NPI's Cascadia Advocate

Offering commentary and analysis from Washington, Oregon, and Idaho, The Cascadia Advocate is the Northwest Progressive Institute's uplifting perspective on world, national, and local politics.

Wednesday, October 14th, 2020

Ahead of snap election, British Columbia holds cool, courteous, issue focused leaders’ debate

British Columbians are a peo­ple of the north, and the province’s polit­i­cal lead­ers know how to keep their cool. They showed as much Tues­day night in a respect­ful, issue-cen­tered debate between the peo­ple who want to serve as B.C.‘s premier.

The only sign of America’s pol­i­tics, the Trump Tow­er in Van­cou­ver, closed in August due to finan­cial woes brought on by the COVID-19 pandemic.

Less than two weeks before they vote in a provin­cial elec­tion – although 646,000 have request­ed bal­lots to vote in advance — B.C. vot­ers watched a nine­ty-minute debate that was cour­te­ous, cen­tered on sub­jects rang­ing from the pan­dem­ic to the envi­ron­ment, with a mod­er­a­tor, Shachi Kurl, shut­ting down interruptions.

“Thank you all for a respect­ful debate: You all get a cook­ie,” Kurl, who heads the Angus Reid Insti­tute, said as she closed the face­off between three par­ty leaders.

The debate did noth­ing to halt momen­tum of the left-lean­ing New Demo­c­ra­t­ic Par­ty of out­go­ing Pre­mier John Hor­gan, which had a fif­teen-point lead in a pre-debate poll. The par­ty which wins a major­i­ty in the eighty-sev­en mem­ber British Colum­bia Leg­isla­tive Assem­bly forms the gov­ern­ment. Its leader becomes Pre­mier, com­bin­ing the exec­u­tive and leg­isla­tive branch­es of government.

Once an angry pres­ence in the Leg­is­la­ture, Hor­gan has become avun­cu­lar, smil­ing and at times agree­ing with and thank­ing fel­low lead­ers, par­tic­u­lar­ly over what has been a uni­fied response to the COVID-19 pandemic.

He side­stepped ques­tions about a “megapro­ject” that has turned into a mega-white ele­phant, the Site C dam under con­struc­tion on the Peace River.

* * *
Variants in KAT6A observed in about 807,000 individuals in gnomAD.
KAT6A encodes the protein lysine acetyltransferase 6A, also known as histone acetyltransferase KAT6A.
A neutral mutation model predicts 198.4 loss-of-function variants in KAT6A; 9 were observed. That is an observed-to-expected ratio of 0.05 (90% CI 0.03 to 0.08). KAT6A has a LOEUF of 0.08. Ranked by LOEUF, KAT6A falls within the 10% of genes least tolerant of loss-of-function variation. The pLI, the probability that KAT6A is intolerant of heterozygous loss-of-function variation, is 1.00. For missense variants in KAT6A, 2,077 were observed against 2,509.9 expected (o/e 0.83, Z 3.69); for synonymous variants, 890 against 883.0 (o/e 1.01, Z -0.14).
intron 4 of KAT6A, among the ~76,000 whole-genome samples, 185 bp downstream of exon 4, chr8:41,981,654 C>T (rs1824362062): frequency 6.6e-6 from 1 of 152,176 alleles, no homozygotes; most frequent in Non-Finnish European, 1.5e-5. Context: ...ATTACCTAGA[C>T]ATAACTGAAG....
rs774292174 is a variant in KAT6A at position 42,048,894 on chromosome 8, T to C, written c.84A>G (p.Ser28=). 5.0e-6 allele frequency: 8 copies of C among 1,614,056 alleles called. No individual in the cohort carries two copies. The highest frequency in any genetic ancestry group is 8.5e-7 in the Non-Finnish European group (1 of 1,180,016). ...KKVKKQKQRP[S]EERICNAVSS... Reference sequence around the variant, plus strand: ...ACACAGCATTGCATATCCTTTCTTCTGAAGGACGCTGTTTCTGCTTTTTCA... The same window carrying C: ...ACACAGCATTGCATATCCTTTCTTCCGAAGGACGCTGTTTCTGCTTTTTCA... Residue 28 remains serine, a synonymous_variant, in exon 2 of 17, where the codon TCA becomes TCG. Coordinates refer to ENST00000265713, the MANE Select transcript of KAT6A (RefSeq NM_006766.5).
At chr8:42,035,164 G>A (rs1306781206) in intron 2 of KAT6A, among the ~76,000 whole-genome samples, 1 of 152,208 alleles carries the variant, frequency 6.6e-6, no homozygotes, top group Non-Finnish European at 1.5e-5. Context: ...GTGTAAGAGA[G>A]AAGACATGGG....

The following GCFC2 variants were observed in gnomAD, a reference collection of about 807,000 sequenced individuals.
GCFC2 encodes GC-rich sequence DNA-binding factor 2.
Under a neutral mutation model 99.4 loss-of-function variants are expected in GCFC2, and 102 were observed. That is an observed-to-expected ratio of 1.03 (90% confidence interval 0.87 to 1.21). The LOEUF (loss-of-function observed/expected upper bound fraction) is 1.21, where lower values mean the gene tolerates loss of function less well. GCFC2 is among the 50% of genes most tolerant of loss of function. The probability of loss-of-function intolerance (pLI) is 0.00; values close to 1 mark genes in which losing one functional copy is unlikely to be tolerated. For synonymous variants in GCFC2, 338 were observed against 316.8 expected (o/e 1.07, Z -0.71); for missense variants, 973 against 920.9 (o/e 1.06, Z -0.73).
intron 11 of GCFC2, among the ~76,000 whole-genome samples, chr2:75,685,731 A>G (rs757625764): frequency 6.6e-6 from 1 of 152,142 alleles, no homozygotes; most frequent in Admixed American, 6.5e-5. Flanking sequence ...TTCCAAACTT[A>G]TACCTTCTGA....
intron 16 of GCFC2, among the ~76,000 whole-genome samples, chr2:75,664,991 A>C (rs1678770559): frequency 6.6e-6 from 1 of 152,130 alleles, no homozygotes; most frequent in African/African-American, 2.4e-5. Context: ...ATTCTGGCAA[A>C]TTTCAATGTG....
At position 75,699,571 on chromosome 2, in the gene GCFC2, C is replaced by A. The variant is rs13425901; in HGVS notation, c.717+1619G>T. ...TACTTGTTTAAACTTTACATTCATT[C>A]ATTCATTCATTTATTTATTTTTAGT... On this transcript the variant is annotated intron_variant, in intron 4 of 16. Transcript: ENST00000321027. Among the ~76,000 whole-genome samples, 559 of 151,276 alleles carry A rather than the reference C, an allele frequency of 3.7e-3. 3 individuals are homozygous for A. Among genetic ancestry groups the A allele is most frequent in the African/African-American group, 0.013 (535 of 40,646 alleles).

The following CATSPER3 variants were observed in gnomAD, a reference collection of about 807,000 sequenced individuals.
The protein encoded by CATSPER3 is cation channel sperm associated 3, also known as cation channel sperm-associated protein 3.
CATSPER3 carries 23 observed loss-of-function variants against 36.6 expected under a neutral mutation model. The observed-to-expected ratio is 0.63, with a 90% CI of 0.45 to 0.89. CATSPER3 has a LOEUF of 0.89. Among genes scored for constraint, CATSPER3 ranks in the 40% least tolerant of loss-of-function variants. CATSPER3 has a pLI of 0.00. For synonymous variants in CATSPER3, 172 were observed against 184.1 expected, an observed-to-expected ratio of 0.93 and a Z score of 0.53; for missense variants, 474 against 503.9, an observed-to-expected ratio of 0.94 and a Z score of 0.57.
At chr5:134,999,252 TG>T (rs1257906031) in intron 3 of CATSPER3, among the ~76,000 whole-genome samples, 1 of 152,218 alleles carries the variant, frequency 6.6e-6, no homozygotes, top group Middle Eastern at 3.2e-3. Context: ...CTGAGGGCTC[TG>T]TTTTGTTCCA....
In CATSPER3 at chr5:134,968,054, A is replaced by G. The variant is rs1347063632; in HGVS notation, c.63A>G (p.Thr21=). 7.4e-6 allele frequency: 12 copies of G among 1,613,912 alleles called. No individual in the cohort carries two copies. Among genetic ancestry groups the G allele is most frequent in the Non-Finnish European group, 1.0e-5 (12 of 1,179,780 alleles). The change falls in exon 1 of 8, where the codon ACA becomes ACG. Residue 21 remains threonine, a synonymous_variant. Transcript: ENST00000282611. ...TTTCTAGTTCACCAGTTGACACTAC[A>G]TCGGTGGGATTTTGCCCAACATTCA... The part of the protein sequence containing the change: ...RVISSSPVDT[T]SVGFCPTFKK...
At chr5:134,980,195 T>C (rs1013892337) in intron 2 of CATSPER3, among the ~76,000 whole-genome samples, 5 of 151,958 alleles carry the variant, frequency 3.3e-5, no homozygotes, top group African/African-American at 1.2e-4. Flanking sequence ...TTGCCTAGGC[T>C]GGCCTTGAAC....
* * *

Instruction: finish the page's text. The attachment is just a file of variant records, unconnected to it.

“It wasn’t my project: The BC Lib­er­als start­ed it,” he said, refer­ring to the oppo­si­tion par­ty that ruled British Colum­bia for sev­en­teen years until 2017.

The fate of Site C has been punt­ed to a con­sul­tant report, due out after the Octo­ber 24th provin­cial snap election.

The Lib­er­als’ leader, Andrew Wilkin­son, is of a type not unfa­mil­iar to the Great White North. He is a doc­tor, a lawyer, and a Rhodes Scholar.

But he’s also stiff.

In a province known for flam­boy­ant lead­ers, Wilkin­son has had trou­ble con­nect­ing with the folks. He has shown less-than-rapid response on the cam­paign trail.

Wilkin­son was present at a fundrais­er when a B.C. Lib­er­al can­di­date made a rude, sex­ist com­ment about a leg­isla­tive col­league, New Demo­c­rat Bowinn Ma, the youngest mem­ber of the B.C. Leg­isla­tive Assembly.

He said noth­ing at the time, lat­er issu­ing a tepid apology.

The oppo­si­tion leader also failed to stand up for LGBTQ rights after rev­e­la­tions about two Lib­er­al can­di­dates in the con­ser­v­a­tive Fras­er Val­ley: One leg­isla­tive hope­ful vot­ed in local coun­cil against a rain­bow cross­walk, the oth­er helped finance a pub­li­ca­tion pro­mot­ing con­ver­sion therapy.